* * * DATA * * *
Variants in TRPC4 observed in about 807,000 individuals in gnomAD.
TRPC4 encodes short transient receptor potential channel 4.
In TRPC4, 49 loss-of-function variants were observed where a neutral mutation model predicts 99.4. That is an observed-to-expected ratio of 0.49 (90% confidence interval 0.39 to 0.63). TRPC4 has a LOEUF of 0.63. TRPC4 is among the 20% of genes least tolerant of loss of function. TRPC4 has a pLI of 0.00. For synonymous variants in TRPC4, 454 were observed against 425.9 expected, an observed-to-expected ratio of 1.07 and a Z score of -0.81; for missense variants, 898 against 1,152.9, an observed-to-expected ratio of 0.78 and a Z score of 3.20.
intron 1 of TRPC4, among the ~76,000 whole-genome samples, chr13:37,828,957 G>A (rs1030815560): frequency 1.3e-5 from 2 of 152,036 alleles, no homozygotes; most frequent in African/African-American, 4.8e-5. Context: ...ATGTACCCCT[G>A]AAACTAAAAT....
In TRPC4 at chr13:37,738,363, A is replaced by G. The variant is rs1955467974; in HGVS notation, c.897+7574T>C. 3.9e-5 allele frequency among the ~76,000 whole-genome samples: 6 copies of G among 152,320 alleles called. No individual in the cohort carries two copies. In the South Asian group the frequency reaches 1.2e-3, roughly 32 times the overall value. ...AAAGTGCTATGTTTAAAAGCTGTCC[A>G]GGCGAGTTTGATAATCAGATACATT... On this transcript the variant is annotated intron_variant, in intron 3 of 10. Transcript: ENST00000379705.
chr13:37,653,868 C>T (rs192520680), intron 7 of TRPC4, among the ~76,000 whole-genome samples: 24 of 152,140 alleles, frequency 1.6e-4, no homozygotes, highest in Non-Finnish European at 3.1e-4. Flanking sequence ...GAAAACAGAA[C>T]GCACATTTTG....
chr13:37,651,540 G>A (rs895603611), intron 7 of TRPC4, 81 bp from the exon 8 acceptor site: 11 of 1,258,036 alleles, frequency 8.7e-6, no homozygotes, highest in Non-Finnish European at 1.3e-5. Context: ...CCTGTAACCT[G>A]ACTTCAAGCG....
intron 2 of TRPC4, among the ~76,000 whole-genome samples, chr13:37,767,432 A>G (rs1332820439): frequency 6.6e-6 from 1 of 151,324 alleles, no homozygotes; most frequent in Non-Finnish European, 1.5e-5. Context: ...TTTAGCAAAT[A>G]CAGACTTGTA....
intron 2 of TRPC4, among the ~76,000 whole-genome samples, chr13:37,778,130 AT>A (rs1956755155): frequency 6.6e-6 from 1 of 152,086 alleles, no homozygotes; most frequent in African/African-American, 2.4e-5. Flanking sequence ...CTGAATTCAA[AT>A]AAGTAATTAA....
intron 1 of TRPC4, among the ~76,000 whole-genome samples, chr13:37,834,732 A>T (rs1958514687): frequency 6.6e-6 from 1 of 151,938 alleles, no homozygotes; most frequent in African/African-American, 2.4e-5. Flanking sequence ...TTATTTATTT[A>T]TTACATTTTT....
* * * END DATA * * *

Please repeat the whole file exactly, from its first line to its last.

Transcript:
Variants in TRPC4 observed in about 807,000 individuals in gnomAD.
TRPC4 encodes short transient receptor potential channel 4.
In TRPC4, 49 loss-of-function variants were observed where a neutral mutation model predicts 99.4. That is an observed-to-expected ratio of 0.49 (90% confidence interval 0.39 to 0.63). TRPC4 has a LOEUF of 0.63. TRPC4 is among the 20% of genes least tolerant of loss of function. TRPC4 has a pLI of 0.00. For synonymous variants in TRPC4, 454 were observed against 425.9 expected, an observed-to-expected ratio of 1.07 and a Z score of -0.81; for missense variants, 898 against 1,152.9, an observed-to-expected ratio of 0.78 and a Z score of 3.20.
intron 1 of TRPC4, among the ~76,000 whole-genome samples, chr13:37,828,957 G>A (rs1030815560): frequency 1.3e-5 from 2 of 152,036 alleles, no homozygotes; most frequent in African/African-American, 4.8e-5. Context: ...ATGTACCCCT[G>A]AAACTAAAAT....
In TRPC4 at chr13:37,738,363, A is replaced by G. The variant is rs1955467974; in HGVS notation, c.897+7574T>C. 3.9e-5 allele frequency among the ~76,000 whole-genome samples: 6 copies of G among 152,320 alleles called. No individual in the cohort carries two copies. In the South Asian group the frequency reaches 1.2e-3, roughly 32 times the overall value. ...AAAGTGCTATGTTTAAAAGCTGTCC[A>G]GGCGAGTTTGATAATCAGATACATT... On this transcript the variant is annotated intron_variant, in intron 3 of 10. Transcript: ENST00000379705.
chr13:37,653,868 C>T (rs192520680), intron 7 of TRPC4, among the ~76,000 whole-genome samples: 24 of 152,140 alleles, frequency 1.6e-4, no homozygotes, highest in Non-Finnish European at 3.1e-4. Flanking sequence ...GAAAACAGAA[C>T]GCACATTTTG....
chr13:37,651,540 G>A (rs895603611), intron 7 of TRPC4, 81 bp from the exon 8 acceptor site: 11 of 1,258,036 alleles, frequency 8.7e-6, no homozygotes, highest in Non-Finnish European at 1.3e-5. Context: ...CCTGTAACCT[G>A]ACTTCAAGCG....
intron 2 of TRPC4, among the ~76,000 whole-genome samples, chr13:37,767,432 A>G (rs1332820439): frequency 6.6e-6 from 1 of 151,324 alleles, no homozygotes; most frequent in Non-Finnish European, 1.5e-5. Context: ...TTTAGCAAAT[A>G]CAGACTTGTA....
intron 2 of TRPC4, among the ~76,000 whole-genome samples, chr13:37,778,130 AT>A (rs1956755155): frequency 6.6e-6 from 1 of 152,086 alleles, no homozygotes; most frequent in African/African-American, 2.4e-5. Flanking sequence ...CTGAATTCAA[AT>A]AAGTAATTAA....
intron 1 of TRPC4, among the ~76,000 whole-genome samples, chr13:37,834,732 A>T (rs1958514687): frequency 6.6e-6 from 1 of 151,938 alleles, no homozygotes; most frequent in African/African-American, 2.4e-5. Flanking sequence ...TTATTTATTT[A>T]TTACATTTTT....